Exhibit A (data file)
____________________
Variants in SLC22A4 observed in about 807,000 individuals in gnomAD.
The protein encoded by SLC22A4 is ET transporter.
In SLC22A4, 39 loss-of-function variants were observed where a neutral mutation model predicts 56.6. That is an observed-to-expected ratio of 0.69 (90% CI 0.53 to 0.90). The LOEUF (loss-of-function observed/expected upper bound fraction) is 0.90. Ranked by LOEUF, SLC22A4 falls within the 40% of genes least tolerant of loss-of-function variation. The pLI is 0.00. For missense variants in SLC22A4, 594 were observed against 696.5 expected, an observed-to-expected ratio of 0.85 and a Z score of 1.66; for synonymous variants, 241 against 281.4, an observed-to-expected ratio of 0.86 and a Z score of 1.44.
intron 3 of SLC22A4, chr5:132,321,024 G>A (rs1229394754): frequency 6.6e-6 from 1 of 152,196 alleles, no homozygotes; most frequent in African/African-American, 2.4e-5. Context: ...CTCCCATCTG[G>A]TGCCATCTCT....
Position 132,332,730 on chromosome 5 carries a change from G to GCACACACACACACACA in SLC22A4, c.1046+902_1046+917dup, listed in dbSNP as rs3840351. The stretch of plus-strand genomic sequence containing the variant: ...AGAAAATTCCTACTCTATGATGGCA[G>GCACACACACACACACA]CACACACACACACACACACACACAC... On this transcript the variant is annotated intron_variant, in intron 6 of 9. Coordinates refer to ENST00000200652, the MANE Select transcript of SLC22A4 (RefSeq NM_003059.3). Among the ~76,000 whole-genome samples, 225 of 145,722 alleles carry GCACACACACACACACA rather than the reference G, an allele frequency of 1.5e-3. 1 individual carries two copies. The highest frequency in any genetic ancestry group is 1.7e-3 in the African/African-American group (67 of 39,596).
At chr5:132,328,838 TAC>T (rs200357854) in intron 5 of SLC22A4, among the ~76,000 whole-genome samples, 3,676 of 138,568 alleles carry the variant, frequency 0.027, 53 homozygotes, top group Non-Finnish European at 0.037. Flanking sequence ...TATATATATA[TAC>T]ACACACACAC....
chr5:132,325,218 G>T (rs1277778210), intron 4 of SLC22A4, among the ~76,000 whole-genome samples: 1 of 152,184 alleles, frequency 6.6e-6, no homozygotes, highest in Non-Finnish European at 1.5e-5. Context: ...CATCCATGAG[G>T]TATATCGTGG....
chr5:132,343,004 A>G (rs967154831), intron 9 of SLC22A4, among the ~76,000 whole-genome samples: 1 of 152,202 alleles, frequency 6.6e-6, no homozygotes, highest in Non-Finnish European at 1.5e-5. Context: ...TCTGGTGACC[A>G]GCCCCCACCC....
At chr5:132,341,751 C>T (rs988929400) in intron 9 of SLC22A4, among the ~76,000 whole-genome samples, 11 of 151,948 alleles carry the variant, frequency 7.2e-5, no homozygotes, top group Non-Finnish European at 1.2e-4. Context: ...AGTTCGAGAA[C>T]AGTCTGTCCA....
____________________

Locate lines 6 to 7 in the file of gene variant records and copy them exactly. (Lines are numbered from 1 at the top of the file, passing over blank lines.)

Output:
At chr5:132,328,838 TAC>T (rs200357854) in intron 5 of SLC22A4, among the ~76,000 whole-genome samples, 3,676 of 138,568 alleles carry the variant, frequency 0.027, 53 homozygotes, top group Non-Finnish European at 0.037. Flanking sequence ...TATATATATA[TAC>T]ACACACACAC....
chr5:132,325,218 G>T (rs1277778210), intron 4 of SLC22A4, among the ~76,000 whole-genome samples: 1 of 152,184 alleles, frequency 6.6e-6, no homozygotes, highest in Non-Finnish European at 1.5e-5. Context: ...CATCCATGAG[G>T]TATATCGTGG....